It was the story of the year in wrestling. Vince Russo and Ed Ferrera, the WWF’s two lead writers, were defecting to rival WCW in an attempt to bring the promotion back to prominence. Russo claimed that he had been the unsung hero of the WWF’s meteoric rise, and would prove to his detractors that what he did for the WWF, he could do for WCW.
And so the tandem came into the promotion with much fanfare, chockful of new ideas of how to liven up the now mundane WCW product. They pushed new wrestlers. They emphasized T&A. And they took the one worker who seemingly had limitless potential and saddled him with a crappy military gimmick.
For many years, Booker T was simply known as half of Harlem Heat. Let’s restate that – for many years, Booker T was simply known as the GOOD half of Harlem Heat, carrying the dead weight of brother Stevie Ray to decent matches against all comers. After nearly 8 years in the promotion, the duo broke up and Booker T had the opportunity to showcase his skills on the singles circuit.
And he truly did excel, with a memorable series of matches against Chris Benoit among the highlights for WCW in the late 90’s. He had an incredible mix of skills – he was great in the ring, good on the stick, and knew how to work a crowd. In fact, he was getting so over that a World title run seemed to be the next logical step.
Leave it, therefore, to the new booking crew to throw that out the window and repackage Booker with a lame ass army gimmick that would have made Cpl. Kircshner blush.
Yes, for several weeks during the Russo-Ferrara-Bischoff era, Booker inexplicably became GI Bro. Now before I get a deluge of email telling me how that was his original gimmick, how that was who he was when he broke into the sport (as Booker, errr, GI Bro explains in this clip ), please, save it. I don’t care if Booker T himself came up with the idea (as has been rumored in the past). There is a reason why workers change gimmicks over the years, and reasons why they don’t revert to their original personas. I mean, The Rock started out as Flex Kavana, but I don’t think anyone would state that he should revert back to THAT persona.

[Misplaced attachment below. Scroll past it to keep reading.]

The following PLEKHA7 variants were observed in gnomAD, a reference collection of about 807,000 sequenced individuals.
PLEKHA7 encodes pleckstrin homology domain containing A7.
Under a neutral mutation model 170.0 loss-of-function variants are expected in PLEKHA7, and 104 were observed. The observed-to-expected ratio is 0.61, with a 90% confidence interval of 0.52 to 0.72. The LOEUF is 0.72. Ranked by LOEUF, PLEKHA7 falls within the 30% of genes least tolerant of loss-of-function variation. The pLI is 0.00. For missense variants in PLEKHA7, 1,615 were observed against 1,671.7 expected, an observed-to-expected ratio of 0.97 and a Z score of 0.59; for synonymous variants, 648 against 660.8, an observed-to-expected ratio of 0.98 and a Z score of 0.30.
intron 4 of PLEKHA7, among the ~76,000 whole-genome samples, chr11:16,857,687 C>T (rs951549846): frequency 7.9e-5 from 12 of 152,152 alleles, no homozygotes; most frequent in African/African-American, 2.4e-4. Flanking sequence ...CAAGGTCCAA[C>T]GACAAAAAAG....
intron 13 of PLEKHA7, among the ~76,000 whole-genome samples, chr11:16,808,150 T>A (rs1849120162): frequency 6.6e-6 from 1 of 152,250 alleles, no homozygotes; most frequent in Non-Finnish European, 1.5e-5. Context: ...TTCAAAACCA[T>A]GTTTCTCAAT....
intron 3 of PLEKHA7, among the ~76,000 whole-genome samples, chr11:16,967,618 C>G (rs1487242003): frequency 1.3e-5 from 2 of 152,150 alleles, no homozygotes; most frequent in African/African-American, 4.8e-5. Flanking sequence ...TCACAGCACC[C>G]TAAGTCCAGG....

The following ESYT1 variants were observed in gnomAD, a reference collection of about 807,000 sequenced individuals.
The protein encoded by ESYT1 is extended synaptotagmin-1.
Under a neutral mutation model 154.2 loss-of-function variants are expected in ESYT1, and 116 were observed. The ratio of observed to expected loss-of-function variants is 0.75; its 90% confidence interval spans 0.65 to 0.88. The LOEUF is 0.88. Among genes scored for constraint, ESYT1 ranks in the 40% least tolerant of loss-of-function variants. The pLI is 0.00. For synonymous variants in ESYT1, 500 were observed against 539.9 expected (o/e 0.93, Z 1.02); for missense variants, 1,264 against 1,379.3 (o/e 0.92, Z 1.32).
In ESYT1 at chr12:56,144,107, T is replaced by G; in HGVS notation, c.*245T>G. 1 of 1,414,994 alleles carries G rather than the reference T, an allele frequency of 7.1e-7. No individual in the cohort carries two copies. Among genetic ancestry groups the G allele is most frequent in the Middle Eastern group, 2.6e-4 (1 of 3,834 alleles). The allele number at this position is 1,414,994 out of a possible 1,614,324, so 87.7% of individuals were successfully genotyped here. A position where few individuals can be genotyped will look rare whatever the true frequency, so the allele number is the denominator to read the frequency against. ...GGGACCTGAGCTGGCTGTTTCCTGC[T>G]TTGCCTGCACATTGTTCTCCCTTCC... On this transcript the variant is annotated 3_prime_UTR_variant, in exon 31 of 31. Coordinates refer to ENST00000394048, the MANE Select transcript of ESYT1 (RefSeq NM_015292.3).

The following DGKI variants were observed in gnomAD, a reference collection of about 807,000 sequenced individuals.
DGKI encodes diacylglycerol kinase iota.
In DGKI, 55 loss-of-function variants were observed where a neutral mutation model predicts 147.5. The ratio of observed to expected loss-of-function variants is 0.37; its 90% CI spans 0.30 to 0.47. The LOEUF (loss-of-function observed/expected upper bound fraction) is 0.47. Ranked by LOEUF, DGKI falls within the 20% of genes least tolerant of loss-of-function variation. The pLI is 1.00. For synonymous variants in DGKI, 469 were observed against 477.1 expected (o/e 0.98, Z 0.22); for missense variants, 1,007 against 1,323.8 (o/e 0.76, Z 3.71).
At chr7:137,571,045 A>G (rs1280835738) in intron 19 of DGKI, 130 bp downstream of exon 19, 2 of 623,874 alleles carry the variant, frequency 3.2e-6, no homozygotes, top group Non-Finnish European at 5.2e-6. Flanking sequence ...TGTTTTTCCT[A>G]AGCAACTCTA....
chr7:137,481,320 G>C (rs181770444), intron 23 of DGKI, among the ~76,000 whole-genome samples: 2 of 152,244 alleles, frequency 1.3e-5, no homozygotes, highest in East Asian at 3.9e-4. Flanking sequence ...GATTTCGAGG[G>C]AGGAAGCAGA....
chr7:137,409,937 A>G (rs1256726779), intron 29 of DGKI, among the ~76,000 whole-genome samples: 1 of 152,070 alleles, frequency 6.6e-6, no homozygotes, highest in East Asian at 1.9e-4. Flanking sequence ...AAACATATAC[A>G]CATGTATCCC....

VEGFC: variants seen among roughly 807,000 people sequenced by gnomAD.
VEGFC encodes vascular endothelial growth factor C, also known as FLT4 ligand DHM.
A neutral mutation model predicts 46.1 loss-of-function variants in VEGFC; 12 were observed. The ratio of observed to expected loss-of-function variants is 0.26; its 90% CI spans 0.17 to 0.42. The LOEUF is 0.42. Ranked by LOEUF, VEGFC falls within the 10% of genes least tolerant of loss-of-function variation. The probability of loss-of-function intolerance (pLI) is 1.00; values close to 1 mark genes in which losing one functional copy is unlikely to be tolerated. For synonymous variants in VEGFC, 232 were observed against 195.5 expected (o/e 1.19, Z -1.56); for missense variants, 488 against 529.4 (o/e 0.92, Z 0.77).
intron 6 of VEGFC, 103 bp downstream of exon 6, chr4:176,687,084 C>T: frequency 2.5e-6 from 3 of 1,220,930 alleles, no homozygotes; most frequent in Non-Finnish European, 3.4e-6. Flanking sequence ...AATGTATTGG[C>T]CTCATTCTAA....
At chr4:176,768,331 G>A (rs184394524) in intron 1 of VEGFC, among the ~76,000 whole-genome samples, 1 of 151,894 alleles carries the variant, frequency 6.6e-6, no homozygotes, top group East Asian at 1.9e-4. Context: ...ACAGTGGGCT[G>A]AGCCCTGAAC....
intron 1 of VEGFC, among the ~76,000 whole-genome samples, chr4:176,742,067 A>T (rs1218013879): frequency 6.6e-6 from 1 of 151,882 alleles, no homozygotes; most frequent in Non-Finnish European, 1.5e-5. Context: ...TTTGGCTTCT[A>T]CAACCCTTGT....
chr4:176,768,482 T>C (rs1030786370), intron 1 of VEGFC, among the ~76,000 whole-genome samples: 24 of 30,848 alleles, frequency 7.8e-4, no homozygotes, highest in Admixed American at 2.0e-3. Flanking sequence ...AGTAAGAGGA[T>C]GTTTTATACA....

So Booker donned the army fatigues and joined up with the fledgling so-not-over-they-may-as-well-have-been-under Misfits in Action, and he did so by cutting this promo, which is notable only for Gene Okerlund sounding like a total doofus at the end.
Even the nitwits running WCW at the time saw this angle was going nowhere, and shockingly, did the right thing and scrapped the whole thing. Booker T went back to being his old roof raising self, and finally snared the world title that many felt should have been his years earlier, at Bash at the Beach 2000 in an excellent match against Jeff Jarrett.
Maybe it was Russo’s way of paying Booker back for the GI Bro gimmick, but there are some who claim he was given the belt soley due to the fact that it would hurt a racial discrimination lawsuit filed by several former WCW workers.
Still, I believe it was indeed an apology not only for the GI Bro angle, but also for the time when Booker lost the letter “T” from his name…which is yet another WCW fiasco, coming soon to a WrestleCrap near you.
GI Bro: “Everybody been axin’ me why, GI Bro, why Booker T, have you gone back to GI Bro. Well, first of all, when I first got into this business, this is who I was and this is who I am now.”
GI Bro: “I don’t want to be called Booker T anymore. From this point on, you are to address me as GI Bro. Now can you copy that?”
Gene Okerlund (in doofus mode): “Loud and clear, GI Bro!”